—@monaeltahawy, Egyptian American columnist, blogger, and activist.
Despite limited to no internet activity in Egypt since Thursday, the global twittersphere has been dominated by Egyptian uprising themed hashtags, like #Egypt, #Mubarak, #tahrirsquare and #Jan25.
Google, Twitter and SayNow engineers released "Speak to Tweet" for Egyptians, a service that turns voice messages into tweets with the #Egypt tag attached. Egyptians could use their landlines to call one of three international numbers and leave messages.
It's unclear how many Egyptians accessed google's service. What is clear is that the Egyptian diaspora, with Arabs and Muslims in the rest of the world are hungry for news, eager to comment, to analyze, and in many cases, to criticize what the Western media is getting wrong. Here's a roundup of how the Egyptian uprising is making waves through the larger Arab and Muslim world community:
Fayyad, a Palestinian on kabobfest.com wrote 5 Things the US Mass Media Got Wrong on Egypt. An excerpt:
Mohammed Elbaradei is not the leading opposition figure. He’s a great and honest individual, and perhaps makes a good president, but there are many others who actually led the opposition to the regime and the demands for freedom and democracy for many years and enjoy far more credibility and street credentials. Those include Mohammed Badii, leader of the Muslim Brotherhood, and more prominently, Ayman Noor, founder and leader of the progressive Ghad Part and the Kifaya (Enough) movement. Noor challenged Mubarak, ran against him in elections. He was jailed by Mubarak for five years on drummed up charges of forged signatures on the petition to register the party. So please media, stop appointing leaders for Egypt that suit you.
Haroon Moghul, a Pakistani American on Religiondispatches.org wrote 4 Reasons Why Egypt’s Revolution Is Not Islamic. An excerpt:
Egypt’s revolution doesn’t have to be Islamic because Islam isn’t at the heart of the problem on the ground. In fact, the non-political Egyptian Islam of the last few decades has succeeded in deeply Islamizing Egyptian culture, making Muslim piety interwoven with the everyday rhythms of Egyptian life. We saw this in the protests after the Friday prayers today, in the spontaneous congregational prayers that took place in the heat of demonstrations—and we can see it in the number of Egyptian women who veil (though many don’t and still strongly identify with Islam, whether culturally or religiously, personally or publicly).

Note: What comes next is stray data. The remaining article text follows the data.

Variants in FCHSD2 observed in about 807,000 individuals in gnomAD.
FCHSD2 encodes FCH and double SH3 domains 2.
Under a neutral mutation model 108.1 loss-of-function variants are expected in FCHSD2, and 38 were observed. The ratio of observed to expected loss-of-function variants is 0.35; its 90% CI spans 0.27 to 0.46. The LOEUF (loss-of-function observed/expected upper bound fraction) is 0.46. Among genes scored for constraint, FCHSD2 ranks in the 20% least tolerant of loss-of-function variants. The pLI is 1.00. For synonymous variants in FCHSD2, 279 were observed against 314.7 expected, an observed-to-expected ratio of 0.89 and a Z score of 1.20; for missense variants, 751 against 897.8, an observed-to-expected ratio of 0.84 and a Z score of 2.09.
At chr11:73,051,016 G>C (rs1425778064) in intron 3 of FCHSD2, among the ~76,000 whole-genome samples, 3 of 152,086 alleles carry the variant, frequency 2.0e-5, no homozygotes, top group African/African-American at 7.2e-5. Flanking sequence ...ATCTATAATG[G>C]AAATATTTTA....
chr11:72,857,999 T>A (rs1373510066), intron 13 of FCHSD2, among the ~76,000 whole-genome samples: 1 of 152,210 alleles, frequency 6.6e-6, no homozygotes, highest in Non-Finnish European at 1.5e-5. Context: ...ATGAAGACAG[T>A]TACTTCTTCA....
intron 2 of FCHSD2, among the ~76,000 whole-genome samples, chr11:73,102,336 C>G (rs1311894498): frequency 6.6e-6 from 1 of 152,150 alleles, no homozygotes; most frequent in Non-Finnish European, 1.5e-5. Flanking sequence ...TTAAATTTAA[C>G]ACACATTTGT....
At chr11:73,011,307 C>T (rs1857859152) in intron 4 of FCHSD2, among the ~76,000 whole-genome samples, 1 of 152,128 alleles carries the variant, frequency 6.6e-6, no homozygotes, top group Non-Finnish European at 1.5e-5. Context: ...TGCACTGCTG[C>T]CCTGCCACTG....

Rana Rizk, a New York-based Egyptian American wrote a personal account of what she's going through while trying to reach family and friends in Cairo on the Huffington Post. An excerpt:
Today I had lunch at 5pm and dinner at midnight. I am about to sleep now out of emotional exhaustion of following the news intently all day today. I have been on the phone with my family in Egypt getting eyewitness reports from what they see out their window, very close to Tahrir square and I am reporting back international news I see online, since the Internet was and still remains cut off. They are completely isolated. I am writing before I go to sleep in New York City in commemoration and thought of all those who were injured today, arrested, or even killed. Of course, Egypt was a black hole today with no light coming out. I am scared to find out what happened to our courageous protesters today. We have no access to any information regarding arrests and violence exerted by police on protesters.
On Muslim Matters, an Egyptian American named Haytham wrote echoed the sentiment of many in the diaspora: "This is indeed an astonishing civic moment in the world, and I hope it passes successfully and with the least amount of bloodshed." More:
Some people claim that the Egyptian protest, named by protesters as the “Day of Anger,” is due to poverty or lack of economic opportunity, but I believe this is incorrect. This protest is a reaction to the lack of dignity prevalent throughout Egypt, where people are not able to live as human beings. It is due to the feeling of having no rights and of being a slave to the state. These protests took place because the people of Egypt saw this protest as a glimmer of light and hope at the end of what they felt had been a very long dark tunnel.